• Ban on firearms: The Act bans manufacture, sale, use, transfer, conversion, testing or proofing of firearms without license.  It also prohibits shortening of firearm barrel or conversion of imitation firearms into firearms without a license.  The Bill additionally prohibits obtaining or procuring un-licensed firearms, and the conversion of one category of firearms to another without a license.  It also allows members of rifle clubs or associations to use any firearm for target practice instead of only point 22 bore rifles or air rifles.

 

  • Increase in punishment: The Bill amends the punishment in relation to several offences.  The Act specifies the punishment for: (i) dealing in un-licensed firearms, including their manufacture, procurement, sale, transfer, conversion, (ii) the shortening or conversion of a firearm without a licence, and (iii) import or export of banned firearms.  The punishment for these offences is between three years and seven years, along with a fine.  The Bill increases the punishment to between seven years and life imprisonment, along with a fine.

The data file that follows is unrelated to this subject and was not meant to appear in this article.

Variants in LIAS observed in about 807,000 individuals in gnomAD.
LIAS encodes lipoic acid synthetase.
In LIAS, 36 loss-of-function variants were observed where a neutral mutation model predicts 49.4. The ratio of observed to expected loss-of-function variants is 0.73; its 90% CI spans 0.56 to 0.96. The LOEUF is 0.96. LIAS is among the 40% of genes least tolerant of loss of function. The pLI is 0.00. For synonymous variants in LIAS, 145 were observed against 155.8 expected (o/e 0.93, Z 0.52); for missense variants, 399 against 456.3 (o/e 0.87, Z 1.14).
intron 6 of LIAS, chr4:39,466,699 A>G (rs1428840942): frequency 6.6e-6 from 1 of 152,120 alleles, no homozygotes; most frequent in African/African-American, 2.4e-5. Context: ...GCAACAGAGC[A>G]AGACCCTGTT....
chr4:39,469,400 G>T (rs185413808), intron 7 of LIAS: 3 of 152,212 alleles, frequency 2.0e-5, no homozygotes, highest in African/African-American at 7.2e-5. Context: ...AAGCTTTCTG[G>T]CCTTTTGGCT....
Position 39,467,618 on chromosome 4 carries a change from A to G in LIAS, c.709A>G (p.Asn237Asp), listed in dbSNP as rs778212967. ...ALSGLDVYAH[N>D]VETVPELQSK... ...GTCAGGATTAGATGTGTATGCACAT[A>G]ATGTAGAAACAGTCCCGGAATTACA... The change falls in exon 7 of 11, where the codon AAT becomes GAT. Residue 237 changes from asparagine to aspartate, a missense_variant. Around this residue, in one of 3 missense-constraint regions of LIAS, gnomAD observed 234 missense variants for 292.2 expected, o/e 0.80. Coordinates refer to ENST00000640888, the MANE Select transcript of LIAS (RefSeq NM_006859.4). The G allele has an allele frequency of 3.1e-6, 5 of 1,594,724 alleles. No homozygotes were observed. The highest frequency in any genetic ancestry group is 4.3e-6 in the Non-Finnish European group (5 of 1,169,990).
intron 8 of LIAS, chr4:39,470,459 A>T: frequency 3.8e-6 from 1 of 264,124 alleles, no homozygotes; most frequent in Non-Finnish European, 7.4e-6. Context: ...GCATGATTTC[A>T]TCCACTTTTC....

• The Act punishes acquisition, possession or carrying of prohibited ammunition without a license, with imprisonment between five and ten years, along with fine. The Bill increases the punishment to imprisonment between seven and 14 years, along with fine.  A court may impose a punishment of lesser than seven years, with recorded reasons.